Paramount’s decision to push the release date for G.I. Joe: Retaliation back by nine months was considered an extremely bold move – one which also reeked of desperation, given the timing – so in that sense, the studio’s six-month delay of World War Z seemed more reasonable. After all, the latter announcement was made nine months in advance of the zombpocalyptic thriller’s original Winter 2012 release date – and really, WWZ just reads as being a better fit for summer.
However, just as it recently came to light that G.I. Joe 2 may have really been delayed so as to allow for extensive re-shoots (in the hopes of salvaging the film) – it’s also starting to look like World War Z could be in a bad spot.
As The Playlist discussed in its report on the WWZ situation: re-shoots are a common practice when it comes to expensive tentpole productions. The difference is that additional photography for other recent blockbusters (be it Captain America, Harry Potter and the Deathly Hallows: Part 2, or The Avengers) only went on for 1-2 weeks tops, in order to address and correct any simple issues that came up during post-production – in large part miscellaneous technical issues that required an extra shot or two. It’s the sheer scope of the additional filming for WWZ that suggests the movie has some major problems in its current state.
Longtime Screen Rant readers might recall that the project was stuck in arrested development for a few years, before (around March 2011) it reportedly came dangerously close to collapsing – only to suddenly recover and start production some three months later. Such a fast turnaround does raise the question: was the WWZ screenplay likewise suddenly ready to go – or did principal photography get underway with a shooting script that still required some significant fine-tuning?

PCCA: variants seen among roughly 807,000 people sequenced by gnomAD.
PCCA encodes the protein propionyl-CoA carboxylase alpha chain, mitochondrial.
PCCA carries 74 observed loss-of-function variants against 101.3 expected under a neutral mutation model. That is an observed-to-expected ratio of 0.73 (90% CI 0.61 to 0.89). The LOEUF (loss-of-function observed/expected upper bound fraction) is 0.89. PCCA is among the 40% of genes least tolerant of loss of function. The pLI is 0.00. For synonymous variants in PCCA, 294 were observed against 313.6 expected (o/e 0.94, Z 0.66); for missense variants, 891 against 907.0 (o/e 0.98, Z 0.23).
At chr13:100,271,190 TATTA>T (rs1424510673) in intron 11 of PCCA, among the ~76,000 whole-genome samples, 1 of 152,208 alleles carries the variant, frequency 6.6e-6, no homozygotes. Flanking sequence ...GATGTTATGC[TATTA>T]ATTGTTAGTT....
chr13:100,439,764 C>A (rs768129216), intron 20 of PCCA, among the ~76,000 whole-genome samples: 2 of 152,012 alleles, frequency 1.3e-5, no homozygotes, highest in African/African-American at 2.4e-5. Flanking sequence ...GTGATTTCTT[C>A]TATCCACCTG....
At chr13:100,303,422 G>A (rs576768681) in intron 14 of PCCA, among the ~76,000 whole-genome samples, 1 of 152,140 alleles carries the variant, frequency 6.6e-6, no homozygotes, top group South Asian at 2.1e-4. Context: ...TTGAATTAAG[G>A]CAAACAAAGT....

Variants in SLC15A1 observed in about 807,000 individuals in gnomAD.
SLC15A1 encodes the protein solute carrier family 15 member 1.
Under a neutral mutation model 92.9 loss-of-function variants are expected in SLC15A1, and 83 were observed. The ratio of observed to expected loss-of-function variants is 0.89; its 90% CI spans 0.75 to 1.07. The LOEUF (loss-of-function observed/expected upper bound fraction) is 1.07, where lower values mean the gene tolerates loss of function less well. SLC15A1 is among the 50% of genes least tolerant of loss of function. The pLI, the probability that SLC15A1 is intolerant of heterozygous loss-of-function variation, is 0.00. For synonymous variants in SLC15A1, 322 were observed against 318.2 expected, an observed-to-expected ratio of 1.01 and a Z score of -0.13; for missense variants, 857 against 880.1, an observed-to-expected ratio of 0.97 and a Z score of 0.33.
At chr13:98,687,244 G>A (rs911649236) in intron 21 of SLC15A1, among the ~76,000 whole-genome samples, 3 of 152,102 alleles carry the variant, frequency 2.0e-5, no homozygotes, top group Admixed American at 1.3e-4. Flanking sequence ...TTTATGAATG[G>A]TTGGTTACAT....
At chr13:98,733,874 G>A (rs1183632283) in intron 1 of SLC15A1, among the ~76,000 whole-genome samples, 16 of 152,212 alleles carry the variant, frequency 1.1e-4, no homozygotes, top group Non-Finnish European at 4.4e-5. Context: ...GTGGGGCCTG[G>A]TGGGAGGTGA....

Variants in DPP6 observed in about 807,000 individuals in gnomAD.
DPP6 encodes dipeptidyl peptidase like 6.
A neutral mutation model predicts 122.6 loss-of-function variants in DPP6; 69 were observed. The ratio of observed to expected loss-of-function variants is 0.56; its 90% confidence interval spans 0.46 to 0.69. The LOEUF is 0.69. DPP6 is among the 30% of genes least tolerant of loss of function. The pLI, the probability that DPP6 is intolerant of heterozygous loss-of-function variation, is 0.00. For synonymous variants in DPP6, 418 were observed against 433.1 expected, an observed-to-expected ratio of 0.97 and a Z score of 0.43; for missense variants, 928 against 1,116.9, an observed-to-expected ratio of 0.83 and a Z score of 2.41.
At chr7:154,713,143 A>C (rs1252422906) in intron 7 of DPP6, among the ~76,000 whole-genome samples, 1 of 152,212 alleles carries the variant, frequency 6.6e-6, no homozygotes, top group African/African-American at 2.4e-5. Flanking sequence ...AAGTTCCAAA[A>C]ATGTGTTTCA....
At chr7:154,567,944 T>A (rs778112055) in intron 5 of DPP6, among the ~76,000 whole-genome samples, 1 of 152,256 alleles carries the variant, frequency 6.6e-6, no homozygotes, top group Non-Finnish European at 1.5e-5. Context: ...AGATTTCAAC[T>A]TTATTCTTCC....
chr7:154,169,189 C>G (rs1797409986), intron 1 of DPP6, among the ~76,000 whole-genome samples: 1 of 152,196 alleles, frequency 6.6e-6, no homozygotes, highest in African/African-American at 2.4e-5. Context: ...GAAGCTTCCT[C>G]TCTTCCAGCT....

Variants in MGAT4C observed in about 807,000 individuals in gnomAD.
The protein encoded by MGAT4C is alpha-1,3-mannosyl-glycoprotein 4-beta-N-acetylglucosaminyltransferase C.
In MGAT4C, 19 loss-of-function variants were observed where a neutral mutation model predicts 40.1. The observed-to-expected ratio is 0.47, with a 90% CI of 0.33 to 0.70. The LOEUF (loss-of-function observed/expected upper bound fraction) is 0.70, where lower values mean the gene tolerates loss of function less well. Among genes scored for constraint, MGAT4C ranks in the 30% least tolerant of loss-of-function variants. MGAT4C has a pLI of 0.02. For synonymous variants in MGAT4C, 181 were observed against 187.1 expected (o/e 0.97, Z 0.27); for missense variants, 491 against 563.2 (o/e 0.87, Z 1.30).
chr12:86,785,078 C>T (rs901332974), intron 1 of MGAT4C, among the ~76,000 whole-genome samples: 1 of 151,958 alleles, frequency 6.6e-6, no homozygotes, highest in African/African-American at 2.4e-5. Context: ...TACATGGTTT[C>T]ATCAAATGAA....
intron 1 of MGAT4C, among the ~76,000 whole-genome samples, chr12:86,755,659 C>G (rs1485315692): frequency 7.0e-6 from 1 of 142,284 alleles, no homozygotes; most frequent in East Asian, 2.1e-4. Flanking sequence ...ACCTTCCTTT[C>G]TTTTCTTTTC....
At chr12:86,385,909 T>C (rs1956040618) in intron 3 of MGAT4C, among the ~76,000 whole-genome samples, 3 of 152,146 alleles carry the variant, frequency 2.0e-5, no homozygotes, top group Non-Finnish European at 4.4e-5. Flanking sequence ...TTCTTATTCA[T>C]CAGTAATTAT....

Babylon 5 creator J. Michael Straczynski’s original World War Z script draft is said to be pretty faithful to Max Brooks’ source material – with an approach that includes the novel’s interview-based narrative structure. Straczynski’s draft was reworked by Matthew Michael Carnahan (The Kingdom), who was apparently tasked with turning the WWZ movie into a PG-13 global thriller/horror flick that has franchise potential. The official changes to the story of Brooks’ original novel have already prompted much debate among fans (who, for the most part, disapprove).
That’s all to say: given that nearly two months of re-shoots have been scheduled, it’s not unreasonable to assume that the rough cut of World War Z turned out poorly – be it due to a script that needed additional work, or any other issues (admittedly, Forster isn’t renowned for directing globe-trotting thrillers – see Quantum of Solace). Whether or not additional filming can prevent the project from becoming a real-life disaster, remains to be seen. (Here’s hoping, as always, for the best.)
World War Z remains scheduled to begin a theatrical release in the U.S. on June 21st, 2013.